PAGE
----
Narcan, a prescription nasal spray that reverses opioid overdoses, can now be sold over the counter after the FDA authorized the move on March 29.
Peter A. Clark, S.J., PhD, is the director of the Institute of Bioethics and professor of medical ethics at Saint Joseph’s University. While he says the FDA authorization is good news, it is just a first step.
Clark says the following:
“In 2021, there were 107,000 reported fatal overdoses of opioids in the United States,” says Clark. “Access to Narcan has saved countless lives. We estimate that 44 million doses of Narcan have been distributed since 2016.”
“With the new FDA ruling, which approves OTC naloxone nasal spray over the counter, access to Narcan has the potential to reduce opioid overdoses throughout the United States,” says Clark.
“The major issue will be the cost of the over-the-counter Narcan,” says Clark. “A two-pack prescription of Narcan costs about $140 and with discounts, it could be less than $50 a dose. I would implore the pharmaceutical manufacturer to make accessibility to Narcan a priority and make sure it is at an affordable price.”
“Emergent BioSolutions has declined to disclose the price it plans to charge for the over-the-counter version of Narcan,” says Clark. “If this company is dedicated to improving public health, then I would implore them to put profit margins aside and look for what is in the best interest of the common good. Over-the-counter Narcan has the potential to save thousands of lives of the most vulnerable members of our society and the manufacturer has the means to make this become a reality.”
George A. Downs, PharmD, is the Dean Emeritus of the Philadelphia College of Pharmacy (PCP) and Linwood F. Tice Professor of Pharmacy at Saint Joseph’s University. He agrees with Father Clark.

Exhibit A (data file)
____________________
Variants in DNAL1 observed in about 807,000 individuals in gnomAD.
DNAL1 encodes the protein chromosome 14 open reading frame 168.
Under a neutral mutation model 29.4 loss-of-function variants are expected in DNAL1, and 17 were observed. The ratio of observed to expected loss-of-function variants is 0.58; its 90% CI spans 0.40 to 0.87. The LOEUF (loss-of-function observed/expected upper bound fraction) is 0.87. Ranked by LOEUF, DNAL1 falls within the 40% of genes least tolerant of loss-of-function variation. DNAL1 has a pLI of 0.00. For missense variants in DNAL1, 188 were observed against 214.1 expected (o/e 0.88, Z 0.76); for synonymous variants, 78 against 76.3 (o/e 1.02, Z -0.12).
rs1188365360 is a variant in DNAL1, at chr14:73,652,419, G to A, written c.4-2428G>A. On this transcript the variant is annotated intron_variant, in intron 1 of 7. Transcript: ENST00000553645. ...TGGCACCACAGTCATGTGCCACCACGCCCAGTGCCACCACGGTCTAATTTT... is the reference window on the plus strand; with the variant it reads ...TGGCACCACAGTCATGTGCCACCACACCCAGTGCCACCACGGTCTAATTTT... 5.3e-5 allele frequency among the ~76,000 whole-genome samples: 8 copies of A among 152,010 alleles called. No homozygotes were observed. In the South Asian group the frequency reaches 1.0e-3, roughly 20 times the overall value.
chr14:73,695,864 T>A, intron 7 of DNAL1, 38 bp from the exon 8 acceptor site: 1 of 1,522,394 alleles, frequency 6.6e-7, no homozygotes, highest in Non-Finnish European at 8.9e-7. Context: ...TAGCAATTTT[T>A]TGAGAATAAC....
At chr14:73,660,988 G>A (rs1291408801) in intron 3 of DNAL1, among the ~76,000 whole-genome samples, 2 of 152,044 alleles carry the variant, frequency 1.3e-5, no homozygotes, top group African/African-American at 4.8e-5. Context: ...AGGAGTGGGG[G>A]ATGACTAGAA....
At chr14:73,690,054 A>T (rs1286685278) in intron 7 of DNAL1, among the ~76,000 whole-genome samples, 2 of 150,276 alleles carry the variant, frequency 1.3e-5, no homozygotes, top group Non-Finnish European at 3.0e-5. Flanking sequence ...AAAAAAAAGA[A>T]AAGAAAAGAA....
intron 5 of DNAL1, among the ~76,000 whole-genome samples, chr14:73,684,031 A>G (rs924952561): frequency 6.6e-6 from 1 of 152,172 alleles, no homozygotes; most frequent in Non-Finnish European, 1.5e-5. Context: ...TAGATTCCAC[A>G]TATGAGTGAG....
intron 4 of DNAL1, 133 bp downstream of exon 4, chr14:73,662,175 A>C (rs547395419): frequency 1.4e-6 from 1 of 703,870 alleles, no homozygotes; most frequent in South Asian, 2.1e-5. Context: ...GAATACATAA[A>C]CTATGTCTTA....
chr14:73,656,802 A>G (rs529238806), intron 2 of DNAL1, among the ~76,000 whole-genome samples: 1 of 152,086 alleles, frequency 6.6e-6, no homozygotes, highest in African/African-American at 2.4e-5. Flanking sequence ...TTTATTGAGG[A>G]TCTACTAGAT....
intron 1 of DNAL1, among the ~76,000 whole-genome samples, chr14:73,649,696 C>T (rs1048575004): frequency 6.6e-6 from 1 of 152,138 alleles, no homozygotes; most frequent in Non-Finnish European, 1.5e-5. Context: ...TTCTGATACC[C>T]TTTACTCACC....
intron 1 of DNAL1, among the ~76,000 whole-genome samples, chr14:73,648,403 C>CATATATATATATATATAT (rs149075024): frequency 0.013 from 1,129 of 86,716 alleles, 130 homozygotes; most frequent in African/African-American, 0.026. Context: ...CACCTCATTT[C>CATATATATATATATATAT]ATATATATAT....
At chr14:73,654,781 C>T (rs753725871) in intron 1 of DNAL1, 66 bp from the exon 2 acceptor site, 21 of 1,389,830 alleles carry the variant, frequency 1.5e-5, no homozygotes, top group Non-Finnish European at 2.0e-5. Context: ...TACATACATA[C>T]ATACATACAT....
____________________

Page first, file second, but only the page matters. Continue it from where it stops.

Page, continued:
“Finally, Narcan will be available to the general public,” says Downs. “Remember the days when Ipecac Syrup was available in every medicine cabinet? If a child took a poison, Ipecac Syrup was administered as the parents raced to the emergency room. Now, naloxone should be in everyone’s medicine cabinet (or, better, in every briefcase) in case an overdose is encountered.”
“OTC naloxone provides for easy access,” says Downs. “However, cost will now become an issue. If the cost of Narcan is prohibitive, the general public will still not buy it and availability will still be a problem.”
Media Contact: Kevin Gfeller, assistant director of public relations at Saint Joseph’s University.
Email: [email protected]
About Saint Joseph’s University
Founded in 1851 as Philadelphia’s Jesuit university, Saint Joseph’s University prepares students for a rapidly changing world by focusing on academic excellence and courageous exploration. With an intellectual tradition distinguished by a foundational liberal arts core and diversified by strong professional programs in education, business, health and science, Saint Joseph’s students are empowered, challenged and supported by faculty-scholar mentors to follow their own path. There are nearly 8,000 undergraduate and graduate students in the University’s four schools and colleges — the College of Arts and Sciences, the Erivan K. Haub School of Business, the School of Education and Human Development, and the School of Health Professions. With academic offerings in the most sought-after majors, including leading programs in the first-in-the-nation Philadelphia College of Pharmacy, nearly 100% of students are employed, pursuing advanced degrees or volunteering in prestigious service programs upon graduation. The University’s two networks of nearly 100,000 proud alumni keep alive the rallying cry — The Hawk Will Never Die.